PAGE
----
As you are aware, new laws for pool safety, including spas, came into effect on 1 December 2010 for Queensland pool owners in the aim of reducing incidents of drowning and serious immersion injuries among young children in swimming pools.
Previously, pool owners were required to ensure a pool was enclosed with compliant fencing regardless of when the pool was built. However, changes to the Building Act now require owners of a premises with a pool to obtain safety and compliance certificates from their local council or privately certified pool inspector.
The new laws require pool owners to undertake compulsory pool inspections and obtain safety certificates, with fines of up to $16,500 for instances of non-compliance.
The laws also have provision for the compliance of pool fencing for indoor pools, hotel, motel and caravan park pools, as well as requiring fencing for portable pools deeper than 300mm.
Through the compliance and certificate program the government is working to establish the State’s first swimming pool register with greater powers of entry for local government organisations to undertake compliance inspections.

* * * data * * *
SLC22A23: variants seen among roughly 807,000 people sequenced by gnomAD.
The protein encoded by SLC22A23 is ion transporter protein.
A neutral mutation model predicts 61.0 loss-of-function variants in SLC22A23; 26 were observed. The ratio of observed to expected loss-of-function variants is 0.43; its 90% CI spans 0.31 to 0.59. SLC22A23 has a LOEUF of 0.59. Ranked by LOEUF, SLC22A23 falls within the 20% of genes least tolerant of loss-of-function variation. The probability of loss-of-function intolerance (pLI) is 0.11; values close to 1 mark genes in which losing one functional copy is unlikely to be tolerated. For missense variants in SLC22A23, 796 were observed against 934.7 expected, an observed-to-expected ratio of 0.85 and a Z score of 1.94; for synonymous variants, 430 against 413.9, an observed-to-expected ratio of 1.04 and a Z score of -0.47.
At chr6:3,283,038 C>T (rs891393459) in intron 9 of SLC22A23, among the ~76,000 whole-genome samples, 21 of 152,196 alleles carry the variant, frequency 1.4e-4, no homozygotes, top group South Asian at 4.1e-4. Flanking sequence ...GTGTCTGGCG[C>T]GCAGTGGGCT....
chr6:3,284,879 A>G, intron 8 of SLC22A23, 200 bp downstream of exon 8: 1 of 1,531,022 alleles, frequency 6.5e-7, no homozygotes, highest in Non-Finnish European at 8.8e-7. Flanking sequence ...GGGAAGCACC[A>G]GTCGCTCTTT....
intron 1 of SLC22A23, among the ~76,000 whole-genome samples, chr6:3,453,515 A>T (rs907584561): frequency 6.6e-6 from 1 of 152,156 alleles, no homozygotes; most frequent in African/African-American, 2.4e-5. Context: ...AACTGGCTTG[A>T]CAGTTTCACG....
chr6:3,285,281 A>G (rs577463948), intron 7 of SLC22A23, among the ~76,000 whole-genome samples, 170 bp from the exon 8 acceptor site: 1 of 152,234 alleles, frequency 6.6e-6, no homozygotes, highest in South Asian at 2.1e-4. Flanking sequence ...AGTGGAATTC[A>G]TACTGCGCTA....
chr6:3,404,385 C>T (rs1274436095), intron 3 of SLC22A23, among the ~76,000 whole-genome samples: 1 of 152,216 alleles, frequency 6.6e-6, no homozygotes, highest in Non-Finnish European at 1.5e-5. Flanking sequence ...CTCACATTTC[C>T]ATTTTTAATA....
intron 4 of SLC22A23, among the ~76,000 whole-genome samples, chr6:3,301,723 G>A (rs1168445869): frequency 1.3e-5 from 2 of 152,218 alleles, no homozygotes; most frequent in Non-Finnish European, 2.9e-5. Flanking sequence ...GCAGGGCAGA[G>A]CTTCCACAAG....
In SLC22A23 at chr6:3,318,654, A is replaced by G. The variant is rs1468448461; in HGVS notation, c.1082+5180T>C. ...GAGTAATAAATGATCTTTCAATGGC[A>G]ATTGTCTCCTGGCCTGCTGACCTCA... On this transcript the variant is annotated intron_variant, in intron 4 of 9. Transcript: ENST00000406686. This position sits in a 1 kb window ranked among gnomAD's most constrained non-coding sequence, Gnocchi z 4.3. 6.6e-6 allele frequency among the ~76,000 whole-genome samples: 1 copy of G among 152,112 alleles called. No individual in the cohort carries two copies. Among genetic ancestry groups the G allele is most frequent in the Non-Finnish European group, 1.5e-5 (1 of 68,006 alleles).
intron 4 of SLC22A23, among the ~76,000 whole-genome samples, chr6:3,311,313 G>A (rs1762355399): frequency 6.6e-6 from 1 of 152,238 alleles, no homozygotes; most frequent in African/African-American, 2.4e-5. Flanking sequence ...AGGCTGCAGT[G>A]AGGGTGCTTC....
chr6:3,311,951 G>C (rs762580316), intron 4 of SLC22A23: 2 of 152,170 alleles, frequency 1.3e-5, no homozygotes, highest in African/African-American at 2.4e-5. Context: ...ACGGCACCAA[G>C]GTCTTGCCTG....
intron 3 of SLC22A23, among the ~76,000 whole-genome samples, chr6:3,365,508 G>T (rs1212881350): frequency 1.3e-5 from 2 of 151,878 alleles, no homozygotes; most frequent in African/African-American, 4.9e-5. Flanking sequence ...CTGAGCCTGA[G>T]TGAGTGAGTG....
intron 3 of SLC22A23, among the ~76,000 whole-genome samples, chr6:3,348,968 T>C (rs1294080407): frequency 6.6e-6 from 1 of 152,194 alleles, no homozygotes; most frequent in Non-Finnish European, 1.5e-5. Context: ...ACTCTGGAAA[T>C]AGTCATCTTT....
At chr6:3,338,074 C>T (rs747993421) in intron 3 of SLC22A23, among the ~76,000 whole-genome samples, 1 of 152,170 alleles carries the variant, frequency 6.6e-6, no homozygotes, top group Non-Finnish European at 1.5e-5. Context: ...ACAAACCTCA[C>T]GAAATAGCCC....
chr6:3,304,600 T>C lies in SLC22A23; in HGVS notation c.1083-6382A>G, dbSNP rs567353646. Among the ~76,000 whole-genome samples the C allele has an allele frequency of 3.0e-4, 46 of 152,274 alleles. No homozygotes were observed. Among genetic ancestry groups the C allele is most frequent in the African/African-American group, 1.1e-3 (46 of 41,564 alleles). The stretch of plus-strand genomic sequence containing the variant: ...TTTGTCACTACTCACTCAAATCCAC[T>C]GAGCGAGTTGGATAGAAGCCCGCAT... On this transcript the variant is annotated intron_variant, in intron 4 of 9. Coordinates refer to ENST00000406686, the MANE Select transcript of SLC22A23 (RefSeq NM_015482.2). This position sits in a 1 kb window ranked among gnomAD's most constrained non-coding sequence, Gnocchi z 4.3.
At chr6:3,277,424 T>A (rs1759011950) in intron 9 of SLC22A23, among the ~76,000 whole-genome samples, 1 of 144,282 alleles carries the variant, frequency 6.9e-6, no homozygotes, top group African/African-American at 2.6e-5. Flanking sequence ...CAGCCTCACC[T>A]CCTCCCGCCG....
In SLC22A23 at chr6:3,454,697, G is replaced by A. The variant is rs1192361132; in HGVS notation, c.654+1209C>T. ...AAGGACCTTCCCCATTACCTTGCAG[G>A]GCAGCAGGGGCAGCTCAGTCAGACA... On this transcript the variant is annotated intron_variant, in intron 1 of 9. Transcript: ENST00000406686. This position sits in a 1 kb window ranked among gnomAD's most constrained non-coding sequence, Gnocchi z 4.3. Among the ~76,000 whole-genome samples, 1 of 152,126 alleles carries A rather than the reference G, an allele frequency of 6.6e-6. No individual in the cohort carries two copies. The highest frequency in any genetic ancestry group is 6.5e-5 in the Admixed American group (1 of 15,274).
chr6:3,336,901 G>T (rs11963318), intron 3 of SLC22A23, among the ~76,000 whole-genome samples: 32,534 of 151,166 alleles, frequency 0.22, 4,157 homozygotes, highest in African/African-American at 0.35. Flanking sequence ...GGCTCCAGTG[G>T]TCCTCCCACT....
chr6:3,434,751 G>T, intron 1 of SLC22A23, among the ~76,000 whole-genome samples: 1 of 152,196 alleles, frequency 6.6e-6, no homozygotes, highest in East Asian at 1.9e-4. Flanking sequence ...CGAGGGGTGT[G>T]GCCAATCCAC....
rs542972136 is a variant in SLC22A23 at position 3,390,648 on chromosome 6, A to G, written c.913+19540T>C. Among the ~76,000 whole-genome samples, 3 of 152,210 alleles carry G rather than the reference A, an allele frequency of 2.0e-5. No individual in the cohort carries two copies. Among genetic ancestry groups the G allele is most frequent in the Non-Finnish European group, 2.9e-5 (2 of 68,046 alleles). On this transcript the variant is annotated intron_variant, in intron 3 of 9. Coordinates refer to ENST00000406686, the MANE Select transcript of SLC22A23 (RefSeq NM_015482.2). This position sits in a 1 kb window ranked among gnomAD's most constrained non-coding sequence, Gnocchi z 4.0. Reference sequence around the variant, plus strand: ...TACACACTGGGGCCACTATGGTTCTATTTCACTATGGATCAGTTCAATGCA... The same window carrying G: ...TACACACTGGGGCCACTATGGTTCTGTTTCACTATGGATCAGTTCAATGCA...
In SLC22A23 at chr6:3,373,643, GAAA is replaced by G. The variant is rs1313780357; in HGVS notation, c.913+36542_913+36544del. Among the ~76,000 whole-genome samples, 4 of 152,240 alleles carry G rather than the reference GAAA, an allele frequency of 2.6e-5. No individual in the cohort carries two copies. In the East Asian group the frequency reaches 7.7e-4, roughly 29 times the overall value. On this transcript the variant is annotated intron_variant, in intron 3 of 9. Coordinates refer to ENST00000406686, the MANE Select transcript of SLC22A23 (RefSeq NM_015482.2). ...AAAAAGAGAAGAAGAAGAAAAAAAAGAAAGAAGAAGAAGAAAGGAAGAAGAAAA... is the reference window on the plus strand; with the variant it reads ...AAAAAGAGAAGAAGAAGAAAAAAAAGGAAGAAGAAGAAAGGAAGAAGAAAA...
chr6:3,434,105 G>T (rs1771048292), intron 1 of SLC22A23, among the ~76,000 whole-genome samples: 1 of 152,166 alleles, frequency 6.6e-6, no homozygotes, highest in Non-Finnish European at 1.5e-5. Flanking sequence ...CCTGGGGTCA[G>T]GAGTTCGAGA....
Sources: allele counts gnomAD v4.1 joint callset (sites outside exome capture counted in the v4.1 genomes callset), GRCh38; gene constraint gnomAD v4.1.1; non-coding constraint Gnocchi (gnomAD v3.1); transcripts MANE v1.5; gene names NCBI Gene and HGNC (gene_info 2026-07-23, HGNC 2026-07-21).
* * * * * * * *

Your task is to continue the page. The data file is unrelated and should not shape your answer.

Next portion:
A spokesman for Minister for Planning and Infrastructure Stirling Hinchliffe said pools would be inspected by councils and privately certified pool inspectors, with inspections costing the resident approximately $90.
Since Queensland first introduced pool safety laws in 1991, the number of child drownings in the state has halved. The new legislation aims to reduce this number even further.
What the laws mean to you…
If you are buying a property with a pool, ensure the seller has a valid compliance certificate – compliant pools can cost much more than the price of an inspection when deemed not up to standard.
An owner must provide a prospective buyer or tenant with a copy of the pool safety certificate.
Bodies Corporate must ensure that they have a valid compliance certificate in their records that is updated on an annual basis.